Back in August, The Amity Affliction released their new album Misery, which saw them claim their fourth #1 album on the ARIA charts. Bassist/Vocalist Ahren Stringer sat down with Josh Champion from the AU to look back on the release.
You guys have a rep for hitting the tough issues front on, but this is particularly dark matter. What drove you here for this record?
I mean I don’t write the lyrics, that’s all Joel [Birch]. So I can’t really talk about that. But musically we just wanted to try some new stuff.
So Joel writes all the lyrics, does he come to you with that and sort of go here’s where my head is at, or does the music get written separately and then it becomes a process of fitting it all together?
With this album, Dan [Brown] wrote all the music. I get Joel’s lyrics and then I compose melodies for the lyrics. So I get the fun job of being the composer, where I get to choose the songs we actually use. Dan wrote about twenty songs, so I just chose the ones that I thought were good enough. So yeah I do sorta just choose which songs lyrically go with which tracks musically.
The cinematic videos you’ve released so far are just gripping. How did the concept for those come about?
We’ve wanted to do something like this for a long time. I mean for our last album we did a two-part storyline, but this time around, now that we finally had the budget, we thought beauty. We’re all big fans of 80’s crime stories, like Chopper etc. so we all decided to put together an 80’s Australian Crime Story. Joel wrote it in I think one night, and then everything else sort of snowballed from there. But it was a whole lotta fun.
Misery appears to be musically quite diverse album with little genre crossing cameos. For example, there’s a particularly funky little synth lick in “Feels Like I’m Dying”. You spoke before about the creation process. Are those the sorts of things that you slot in when you’re composing or is it a more organic thing in the studio?
Well that song in particular was a real Frankenstein in the studio. It was just one of those things where magic happened. Matt Squire, our producer, was playing with sounds constantly and found that little lick you referred to and we all thought it was hilarious, but I thought, “fuck – maybe we should put that in, in place of a word.” Which we did, and we all still thought it was hilarious, but we also couldn’t deny that it sounded amazing so we went with it.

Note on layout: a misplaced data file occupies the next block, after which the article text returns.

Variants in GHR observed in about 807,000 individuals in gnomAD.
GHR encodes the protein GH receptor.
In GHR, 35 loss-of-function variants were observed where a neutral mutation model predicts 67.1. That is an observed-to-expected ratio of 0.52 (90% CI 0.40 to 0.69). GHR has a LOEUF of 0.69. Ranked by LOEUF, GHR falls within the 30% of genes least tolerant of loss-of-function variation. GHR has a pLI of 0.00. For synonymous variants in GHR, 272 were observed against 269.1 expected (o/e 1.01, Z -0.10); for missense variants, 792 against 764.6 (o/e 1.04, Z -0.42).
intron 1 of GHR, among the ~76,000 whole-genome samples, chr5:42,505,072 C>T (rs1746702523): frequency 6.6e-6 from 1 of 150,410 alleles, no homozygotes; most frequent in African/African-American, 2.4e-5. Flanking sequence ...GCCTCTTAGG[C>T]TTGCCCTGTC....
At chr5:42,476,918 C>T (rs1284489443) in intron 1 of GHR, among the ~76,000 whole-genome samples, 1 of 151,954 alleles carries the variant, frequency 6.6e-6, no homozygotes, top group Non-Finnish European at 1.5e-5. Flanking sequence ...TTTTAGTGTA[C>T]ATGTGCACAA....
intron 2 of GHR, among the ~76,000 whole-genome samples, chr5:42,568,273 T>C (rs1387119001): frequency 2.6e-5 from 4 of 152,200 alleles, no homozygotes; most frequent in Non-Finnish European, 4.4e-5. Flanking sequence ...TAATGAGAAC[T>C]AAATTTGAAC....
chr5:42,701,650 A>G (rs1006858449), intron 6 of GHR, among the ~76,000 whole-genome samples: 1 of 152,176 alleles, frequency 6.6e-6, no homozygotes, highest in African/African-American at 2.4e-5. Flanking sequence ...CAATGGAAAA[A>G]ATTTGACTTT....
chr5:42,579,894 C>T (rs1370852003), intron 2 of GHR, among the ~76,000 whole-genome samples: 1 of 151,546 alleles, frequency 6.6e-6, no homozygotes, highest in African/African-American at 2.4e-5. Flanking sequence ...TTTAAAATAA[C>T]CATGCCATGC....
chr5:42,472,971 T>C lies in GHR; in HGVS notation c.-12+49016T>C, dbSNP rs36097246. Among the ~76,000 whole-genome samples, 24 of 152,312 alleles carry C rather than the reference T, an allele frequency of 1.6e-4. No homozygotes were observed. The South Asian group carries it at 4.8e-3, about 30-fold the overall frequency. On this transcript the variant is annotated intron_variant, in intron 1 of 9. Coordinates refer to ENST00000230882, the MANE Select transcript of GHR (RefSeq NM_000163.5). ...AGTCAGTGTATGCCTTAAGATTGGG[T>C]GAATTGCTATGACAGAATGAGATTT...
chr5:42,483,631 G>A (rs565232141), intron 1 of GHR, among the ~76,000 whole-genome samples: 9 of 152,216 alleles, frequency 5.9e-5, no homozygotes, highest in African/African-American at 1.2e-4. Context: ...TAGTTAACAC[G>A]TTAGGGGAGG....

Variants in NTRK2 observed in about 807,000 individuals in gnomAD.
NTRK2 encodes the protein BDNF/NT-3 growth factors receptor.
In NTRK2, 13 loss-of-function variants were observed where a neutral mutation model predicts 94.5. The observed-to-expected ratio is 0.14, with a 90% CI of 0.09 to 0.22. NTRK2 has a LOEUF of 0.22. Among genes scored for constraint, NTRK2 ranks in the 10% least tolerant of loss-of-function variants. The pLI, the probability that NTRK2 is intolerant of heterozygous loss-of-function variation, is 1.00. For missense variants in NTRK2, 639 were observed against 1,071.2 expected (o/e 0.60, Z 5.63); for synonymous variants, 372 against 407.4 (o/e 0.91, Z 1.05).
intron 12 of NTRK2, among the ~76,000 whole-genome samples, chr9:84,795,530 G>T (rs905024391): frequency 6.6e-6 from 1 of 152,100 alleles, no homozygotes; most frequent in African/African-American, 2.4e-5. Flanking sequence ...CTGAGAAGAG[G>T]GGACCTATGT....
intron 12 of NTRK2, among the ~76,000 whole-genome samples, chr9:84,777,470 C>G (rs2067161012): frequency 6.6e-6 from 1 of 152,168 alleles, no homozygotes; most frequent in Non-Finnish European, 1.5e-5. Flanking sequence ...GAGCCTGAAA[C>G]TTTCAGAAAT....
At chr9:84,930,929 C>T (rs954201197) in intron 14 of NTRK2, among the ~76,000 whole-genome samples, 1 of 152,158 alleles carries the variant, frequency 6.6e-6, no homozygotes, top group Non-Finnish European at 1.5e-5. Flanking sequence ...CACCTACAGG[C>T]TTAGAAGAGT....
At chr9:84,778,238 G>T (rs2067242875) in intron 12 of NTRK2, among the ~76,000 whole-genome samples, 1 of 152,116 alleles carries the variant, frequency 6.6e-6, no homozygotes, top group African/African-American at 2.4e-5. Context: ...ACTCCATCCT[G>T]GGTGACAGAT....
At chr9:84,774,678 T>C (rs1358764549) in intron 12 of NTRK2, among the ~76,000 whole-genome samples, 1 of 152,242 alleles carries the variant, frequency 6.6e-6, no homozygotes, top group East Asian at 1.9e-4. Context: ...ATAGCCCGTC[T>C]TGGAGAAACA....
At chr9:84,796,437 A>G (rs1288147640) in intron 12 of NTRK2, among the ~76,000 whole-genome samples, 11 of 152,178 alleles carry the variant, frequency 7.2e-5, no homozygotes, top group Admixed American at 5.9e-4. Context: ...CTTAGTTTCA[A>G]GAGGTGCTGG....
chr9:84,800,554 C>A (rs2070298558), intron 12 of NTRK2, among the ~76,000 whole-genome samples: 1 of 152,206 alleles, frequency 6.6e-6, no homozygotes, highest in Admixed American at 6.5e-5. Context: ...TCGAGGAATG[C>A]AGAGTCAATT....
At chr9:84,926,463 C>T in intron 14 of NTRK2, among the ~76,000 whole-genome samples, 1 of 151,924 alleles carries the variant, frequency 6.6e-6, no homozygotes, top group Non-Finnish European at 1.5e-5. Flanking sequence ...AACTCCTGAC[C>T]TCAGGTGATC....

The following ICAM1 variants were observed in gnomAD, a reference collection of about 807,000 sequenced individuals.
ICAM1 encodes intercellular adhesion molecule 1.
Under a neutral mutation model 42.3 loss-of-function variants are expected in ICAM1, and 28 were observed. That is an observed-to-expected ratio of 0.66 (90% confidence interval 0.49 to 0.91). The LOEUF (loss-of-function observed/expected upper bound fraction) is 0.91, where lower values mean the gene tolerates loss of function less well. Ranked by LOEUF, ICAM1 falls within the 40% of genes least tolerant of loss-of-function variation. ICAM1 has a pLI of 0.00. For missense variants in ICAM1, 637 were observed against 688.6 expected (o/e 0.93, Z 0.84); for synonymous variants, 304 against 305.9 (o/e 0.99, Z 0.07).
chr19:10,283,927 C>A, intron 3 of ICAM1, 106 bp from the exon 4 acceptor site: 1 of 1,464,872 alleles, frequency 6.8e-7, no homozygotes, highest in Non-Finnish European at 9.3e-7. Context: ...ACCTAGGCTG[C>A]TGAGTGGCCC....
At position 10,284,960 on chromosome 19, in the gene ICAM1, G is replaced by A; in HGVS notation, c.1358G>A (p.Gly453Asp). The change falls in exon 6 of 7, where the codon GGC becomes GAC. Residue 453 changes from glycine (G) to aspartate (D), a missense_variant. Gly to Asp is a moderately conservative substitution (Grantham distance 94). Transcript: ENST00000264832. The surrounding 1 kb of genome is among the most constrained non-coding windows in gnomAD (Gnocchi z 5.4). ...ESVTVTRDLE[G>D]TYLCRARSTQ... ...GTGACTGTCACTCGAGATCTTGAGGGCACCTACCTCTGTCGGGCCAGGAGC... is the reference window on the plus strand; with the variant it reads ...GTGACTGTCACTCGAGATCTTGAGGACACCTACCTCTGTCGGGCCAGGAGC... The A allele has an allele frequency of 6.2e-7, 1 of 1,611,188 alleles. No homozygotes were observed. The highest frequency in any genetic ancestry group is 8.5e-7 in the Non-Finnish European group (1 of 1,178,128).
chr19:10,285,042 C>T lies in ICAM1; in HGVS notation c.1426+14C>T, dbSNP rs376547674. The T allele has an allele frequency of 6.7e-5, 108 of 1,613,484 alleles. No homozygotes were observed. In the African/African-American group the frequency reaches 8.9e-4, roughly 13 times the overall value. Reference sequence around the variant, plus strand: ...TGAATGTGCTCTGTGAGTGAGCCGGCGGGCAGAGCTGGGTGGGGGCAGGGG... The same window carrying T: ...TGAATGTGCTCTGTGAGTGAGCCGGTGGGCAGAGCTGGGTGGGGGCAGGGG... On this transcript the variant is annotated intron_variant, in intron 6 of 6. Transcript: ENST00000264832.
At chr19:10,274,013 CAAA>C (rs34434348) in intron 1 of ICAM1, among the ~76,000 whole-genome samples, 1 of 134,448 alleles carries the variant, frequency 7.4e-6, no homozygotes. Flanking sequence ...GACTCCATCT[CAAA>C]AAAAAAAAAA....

But yeah, Matt doing that a lot brought those songs back to life for us. We’d been listening to them for two years and his input really freshened them up for us. I mean Matt was in a Hardcore band in the States, but he has also done a lot of pop production like Katy Perry and Ariana Grande.
That’s really interesting that you say that, because I certainly picked up a new diversity and bravery to cross genres. Knowing that about your producer makes a lot of sense.
Well that’s it. And that’s what we set out to do. We wanted to make sure every song sounded different, so that it had it’s own unique theme. And we learned all this the hard way. Before we’ve always wanted to sort of make every song good, but to make album be, like a genuine rollercoaster from start to finish, you certainly go through lots of emotions.
This might sound stupid when I say it, but it certainly felt more like a concept album. In my head there was a bit of a Dreamtheater-meets-Green Day type vibe happening. And the synth/piano sound behind the guitars isn’t necessarily new for you guys but it was like it had gone up a level.
Well we did strip it back guitar and vocals wise – we didn’t add all the layers of harmonies that we have in the past – you know, that end up sounding like a barber shop quartet. We wanted to make it very catchy. And we’ve been doing the electronics since day dot, but like you said, we definitely boosted it up a notch on this one.
It’s fifteen years since this whole thing got started. And you’ve been there since the beginning. Did you have a trajectory in mind back in 2003? And if so, have you stayed on it?
For me, I always just wanted to be as big as the bands we were listening to at the time. That was the end game. And one of my first goals was to play the Arena in Brisbane. Bands like Atreyu, Poison The Well and AFI. We just wanted to be peers with them. Support them and be as big as them. And we’ve definitely accomplished that goal and now its like how big can we take this? It’s strange to say that out loud. That I’ve actually accomplished my dreams! But honestly everything from here on out is a bonus.
Misery is available now through Roadrunner Records. The band are currently on tour in Europe, for more information and dates click HERE. They will also be appearing at Download Festival in March 2019, tickets are available now.